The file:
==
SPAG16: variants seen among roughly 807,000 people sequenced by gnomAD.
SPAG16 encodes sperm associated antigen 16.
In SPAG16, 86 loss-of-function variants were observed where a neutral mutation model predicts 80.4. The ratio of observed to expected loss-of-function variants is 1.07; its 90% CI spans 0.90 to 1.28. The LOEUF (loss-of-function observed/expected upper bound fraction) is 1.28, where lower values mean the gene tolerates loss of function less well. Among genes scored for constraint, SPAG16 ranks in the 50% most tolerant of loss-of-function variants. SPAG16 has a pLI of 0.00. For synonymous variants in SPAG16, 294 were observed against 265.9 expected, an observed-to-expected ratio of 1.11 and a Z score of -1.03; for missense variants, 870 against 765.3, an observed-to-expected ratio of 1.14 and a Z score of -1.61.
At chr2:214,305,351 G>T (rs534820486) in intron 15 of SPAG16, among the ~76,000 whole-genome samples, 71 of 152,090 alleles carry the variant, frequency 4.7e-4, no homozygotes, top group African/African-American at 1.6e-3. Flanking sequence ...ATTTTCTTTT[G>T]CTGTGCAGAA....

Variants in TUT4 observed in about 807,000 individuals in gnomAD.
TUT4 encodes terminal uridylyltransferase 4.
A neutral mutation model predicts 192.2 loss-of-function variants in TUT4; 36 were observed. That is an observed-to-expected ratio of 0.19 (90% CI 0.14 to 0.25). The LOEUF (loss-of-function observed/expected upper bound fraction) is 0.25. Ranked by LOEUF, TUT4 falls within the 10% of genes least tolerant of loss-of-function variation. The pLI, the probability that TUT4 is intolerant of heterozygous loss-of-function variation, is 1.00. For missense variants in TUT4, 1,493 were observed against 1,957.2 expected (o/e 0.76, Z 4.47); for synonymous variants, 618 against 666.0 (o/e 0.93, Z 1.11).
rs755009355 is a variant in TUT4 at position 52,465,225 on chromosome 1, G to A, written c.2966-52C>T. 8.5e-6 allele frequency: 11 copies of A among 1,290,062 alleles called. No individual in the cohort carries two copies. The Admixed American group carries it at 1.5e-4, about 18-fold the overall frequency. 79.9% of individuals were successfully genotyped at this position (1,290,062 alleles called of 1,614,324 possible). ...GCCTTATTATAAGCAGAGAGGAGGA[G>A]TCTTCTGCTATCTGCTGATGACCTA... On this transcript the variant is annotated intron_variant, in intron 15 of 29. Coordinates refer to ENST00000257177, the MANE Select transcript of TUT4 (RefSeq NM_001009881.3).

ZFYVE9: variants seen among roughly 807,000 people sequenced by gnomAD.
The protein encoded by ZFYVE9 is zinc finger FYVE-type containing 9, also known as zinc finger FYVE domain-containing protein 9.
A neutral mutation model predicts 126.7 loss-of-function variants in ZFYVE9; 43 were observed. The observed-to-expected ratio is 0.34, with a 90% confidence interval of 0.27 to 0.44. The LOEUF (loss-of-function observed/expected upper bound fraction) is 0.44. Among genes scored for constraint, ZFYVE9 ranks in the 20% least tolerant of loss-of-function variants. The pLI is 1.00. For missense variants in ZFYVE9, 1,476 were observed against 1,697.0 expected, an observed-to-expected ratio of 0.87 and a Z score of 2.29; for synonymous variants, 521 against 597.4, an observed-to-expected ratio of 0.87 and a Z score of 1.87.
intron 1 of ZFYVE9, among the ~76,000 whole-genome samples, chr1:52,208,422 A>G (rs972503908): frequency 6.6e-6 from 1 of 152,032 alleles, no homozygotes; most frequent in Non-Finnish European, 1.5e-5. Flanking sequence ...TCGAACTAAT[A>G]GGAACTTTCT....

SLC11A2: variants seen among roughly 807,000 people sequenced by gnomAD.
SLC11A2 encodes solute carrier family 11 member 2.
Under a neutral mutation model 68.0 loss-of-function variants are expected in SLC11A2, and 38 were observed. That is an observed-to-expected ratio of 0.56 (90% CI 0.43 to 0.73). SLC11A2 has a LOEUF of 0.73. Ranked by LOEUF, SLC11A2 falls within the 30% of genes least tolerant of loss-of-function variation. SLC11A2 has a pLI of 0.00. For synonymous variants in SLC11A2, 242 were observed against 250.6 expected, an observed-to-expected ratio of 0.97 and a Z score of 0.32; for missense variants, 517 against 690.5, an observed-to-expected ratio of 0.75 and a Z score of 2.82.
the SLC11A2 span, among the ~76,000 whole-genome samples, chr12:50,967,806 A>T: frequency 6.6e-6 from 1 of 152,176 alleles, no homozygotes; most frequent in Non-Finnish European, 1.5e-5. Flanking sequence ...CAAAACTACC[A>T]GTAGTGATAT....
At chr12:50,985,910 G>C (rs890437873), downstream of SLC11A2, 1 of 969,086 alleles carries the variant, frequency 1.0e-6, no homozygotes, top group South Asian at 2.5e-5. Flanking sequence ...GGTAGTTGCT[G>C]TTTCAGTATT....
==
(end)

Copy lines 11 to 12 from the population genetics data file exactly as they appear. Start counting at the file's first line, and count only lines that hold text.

A neutral mutation model predicts 126.7 loss-of-function variants in ZFYVE9; 43 were observed. The observed-to-expected ratio is 0.34, with a 90% confidence interval of 0.27 to 0.44. The LOEUF (loss-of-function observed/expected upper bound fraction) is 0.44. Among genes scored for constraint, ZFYVE9 ranks in the 20% least tolerant of loss-of-function variants. The pLI is 1.00. For missense variants in ZFYVE9, 1,476 were observed against 1,697.0 expected, an observed-to-expected ratio of 0.87 and a Z score of 2.29; for synonymous variants, 521 against 597.4, an observed-to-expected ratio of 0.87 and a Z score of 1.87.
intron 1 of ZFYVE9, among the ~76,000 whole-genome samples, chr1:52,208,422 A>G (rs972503908): frequency 6.6e-6 from 1 of 152,032 alleles, no homozygotes; most frequent in Non-Finnish European, 1.5e-5. Flanking sequence ...TCGAACTAAT[A>G]GGAACTTTCT....